authority  to  decide.                We  noted  that  "[b]ecause  the  tribe  only  has  subject  matter  

                                                                                                                                 



jurisdiction over the internal disputes of tribal members, it has the authority to determine  

                                                                                                                             

custody only of children who are members or eligible for membership."47   We explicitly  

                                                                                                                              



recognized that the mother in John I was "not a member of Northway Village," but our  

                                                                                                                                       



remand order only directed the superior court to determine the children's eligibility for  

                                                                                                                                        

tribal membership.48  

           



                      A later case more distinctly separated the two dimensions of inherent,  

                                                                                                                              



non-territorial  sovereignty  by  deciding  only  one  of  the  dimensions  and  explicitly  

                                                                                                                            



declining  to  reach  the  other.                   In  State  v.  Native  Village  of  Tanana  a  tribe  sought  

                                                                                                                                 



declaratory and injunctive relief related to its sovereign authority to initiate child custody  

                                                                                                                                



           44         Id.  at  754.  



           45         Id.  at  758.  



           46         Id.  at  759.  



           47         Id.  



           48         Id.   While  the  mother  had  consented  to  tribal  jurisdiction,  id.  at  743,  we  



emphasized  that  the  key  inquiry  was  the  children's  membership  or  membership-eligible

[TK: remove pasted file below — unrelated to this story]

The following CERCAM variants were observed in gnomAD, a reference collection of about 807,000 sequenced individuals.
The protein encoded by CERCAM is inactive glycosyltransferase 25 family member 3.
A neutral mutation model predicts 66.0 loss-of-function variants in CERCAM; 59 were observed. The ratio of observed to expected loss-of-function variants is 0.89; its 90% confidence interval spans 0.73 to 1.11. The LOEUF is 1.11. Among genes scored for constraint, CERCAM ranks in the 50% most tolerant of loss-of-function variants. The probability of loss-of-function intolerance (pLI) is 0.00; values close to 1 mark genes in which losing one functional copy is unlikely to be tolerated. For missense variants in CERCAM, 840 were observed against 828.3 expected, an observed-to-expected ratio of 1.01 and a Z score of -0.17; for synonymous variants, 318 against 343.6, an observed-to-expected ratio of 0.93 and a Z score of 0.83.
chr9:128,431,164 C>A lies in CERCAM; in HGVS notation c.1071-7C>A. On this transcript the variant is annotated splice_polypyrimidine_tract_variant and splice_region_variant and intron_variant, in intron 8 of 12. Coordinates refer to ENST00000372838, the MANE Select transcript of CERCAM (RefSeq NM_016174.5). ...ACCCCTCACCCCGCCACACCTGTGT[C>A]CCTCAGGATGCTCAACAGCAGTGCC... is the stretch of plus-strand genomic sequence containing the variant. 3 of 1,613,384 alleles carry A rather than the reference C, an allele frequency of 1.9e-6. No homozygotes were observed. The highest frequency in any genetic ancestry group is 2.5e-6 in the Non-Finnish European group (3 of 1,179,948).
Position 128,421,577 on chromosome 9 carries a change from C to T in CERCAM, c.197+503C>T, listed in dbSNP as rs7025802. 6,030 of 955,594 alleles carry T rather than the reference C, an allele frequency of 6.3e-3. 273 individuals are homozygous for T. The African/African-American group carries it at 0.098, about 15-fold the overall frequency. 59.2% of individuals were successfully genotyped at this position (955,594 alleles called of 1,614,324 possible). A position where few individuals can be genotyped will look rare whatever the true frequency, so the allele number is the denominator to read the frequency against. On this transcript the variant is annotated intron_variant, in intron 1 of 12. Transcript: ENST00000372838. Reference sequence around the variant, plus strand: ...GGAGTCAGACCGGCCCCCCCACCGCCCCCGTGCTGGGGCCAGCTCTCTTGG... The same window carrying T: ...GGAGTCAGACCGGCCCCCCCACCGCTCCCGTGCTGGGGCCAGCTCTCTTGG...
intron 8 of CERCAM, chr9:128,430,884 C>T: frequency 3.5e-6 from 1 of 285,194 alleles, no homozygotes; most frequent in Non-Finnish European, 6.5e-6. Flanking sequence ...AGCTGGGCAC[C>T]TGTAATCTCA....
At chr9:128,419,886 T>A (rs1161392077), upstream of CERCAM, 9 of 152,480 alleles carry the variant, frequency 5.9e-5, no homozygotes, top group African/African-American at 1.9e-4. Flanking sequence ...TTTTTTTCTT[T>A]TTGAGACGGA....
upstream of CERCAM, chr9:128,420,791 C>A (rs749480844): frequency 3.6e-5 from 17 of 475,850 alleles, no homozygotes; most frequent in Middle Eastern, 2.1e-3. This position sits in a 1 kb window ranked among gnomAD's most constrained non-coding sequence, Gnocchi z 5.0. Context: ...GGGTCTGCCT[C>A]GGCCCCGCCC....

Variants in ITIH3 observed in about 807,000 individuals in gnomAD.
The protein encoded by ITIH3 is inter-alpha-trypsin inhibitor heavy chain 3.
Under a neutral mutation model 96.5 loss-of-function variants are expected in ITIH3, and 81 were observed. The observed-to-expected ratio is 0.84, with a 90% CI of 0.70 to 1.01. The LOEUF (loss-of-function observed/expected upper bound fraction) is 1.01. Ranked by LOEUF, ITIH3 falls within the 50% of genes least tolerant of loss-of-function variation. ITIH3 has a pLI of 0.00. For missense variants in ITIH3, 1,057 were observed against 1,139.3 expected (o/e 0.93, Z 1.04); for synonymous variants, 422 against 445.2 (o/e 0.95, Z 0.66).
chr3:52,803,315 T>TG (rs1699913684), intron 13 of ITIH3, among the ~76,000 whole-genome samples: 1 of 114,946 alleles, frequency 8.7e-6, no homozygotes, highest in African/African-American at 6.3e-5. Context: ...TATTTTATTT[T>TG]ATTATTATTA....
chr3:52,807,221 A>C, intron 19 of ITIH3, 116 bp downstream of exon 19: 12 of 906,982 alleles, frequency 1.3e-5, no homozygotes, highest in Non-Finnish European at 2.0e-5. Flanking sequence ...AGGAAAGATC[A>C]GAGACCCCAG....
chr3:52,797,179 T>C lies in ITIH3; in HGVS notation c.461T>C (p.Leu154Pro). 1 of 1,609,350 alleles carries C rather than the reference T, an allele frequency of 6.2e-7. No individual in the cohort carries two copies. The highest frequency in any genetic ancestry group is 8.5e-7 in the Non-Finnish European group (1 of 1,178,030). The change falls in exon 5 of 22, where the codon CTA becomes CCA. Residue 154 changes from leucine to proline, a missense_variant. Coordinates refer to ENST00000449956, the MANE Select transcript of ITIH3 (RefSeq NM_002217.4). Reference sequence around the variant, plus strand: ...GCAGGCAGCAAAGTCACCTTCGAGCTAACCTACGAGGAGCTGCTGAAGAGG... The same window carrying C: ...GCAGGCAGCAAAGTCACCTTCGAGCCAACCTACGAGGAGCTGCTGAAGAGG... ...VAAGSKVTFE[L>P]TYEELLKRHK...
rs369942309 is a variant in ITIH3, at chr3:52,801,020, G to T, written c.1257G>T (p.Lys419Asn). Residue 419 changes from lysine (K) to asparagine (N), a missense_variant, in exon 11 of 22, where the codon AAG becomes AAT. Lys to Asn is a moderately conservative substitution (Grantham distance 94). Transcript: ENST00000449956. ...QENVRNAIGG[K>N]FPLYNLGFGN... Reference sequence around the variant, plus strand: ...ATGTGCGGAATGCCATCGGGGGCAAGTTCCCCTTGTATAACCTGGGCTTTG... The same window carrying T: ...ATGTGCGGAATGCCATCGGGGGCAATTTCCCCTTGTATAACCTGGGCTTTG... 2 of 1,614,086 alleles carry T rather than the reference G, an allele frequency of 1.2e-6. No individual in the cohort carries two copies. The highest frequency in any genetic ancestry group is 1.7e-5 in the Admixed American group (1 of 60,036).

status,  id.  at  759.  



                                                                   -15-                                                             7093
  


----------------------- Page 16-----------------------

                                                                                                                        49                                        50  

proceedings  as   the   Indian   Child   Welfare   Act   (ICWA)                                                              defines   the   term.                       After  



 analyzing our own cases, precedent from federal courts, and congressional actions, we                                                                                         



 concluded that tribes do have inherent sovereign jurisdiction and authority to initiate                                                                               

 ICWA-defined child custody proceedings.                                                 51  



                            Although we recognized this jurisdiction, we concluded that the record  

                                                                                                                                                                        



 developed at trial did not contain "sufficient facts to make determinations about specific  

                                                                                                                                                                      



 limitations               on       inherent              tribal         jurisdiction                over         ICWA-defined                        child          custody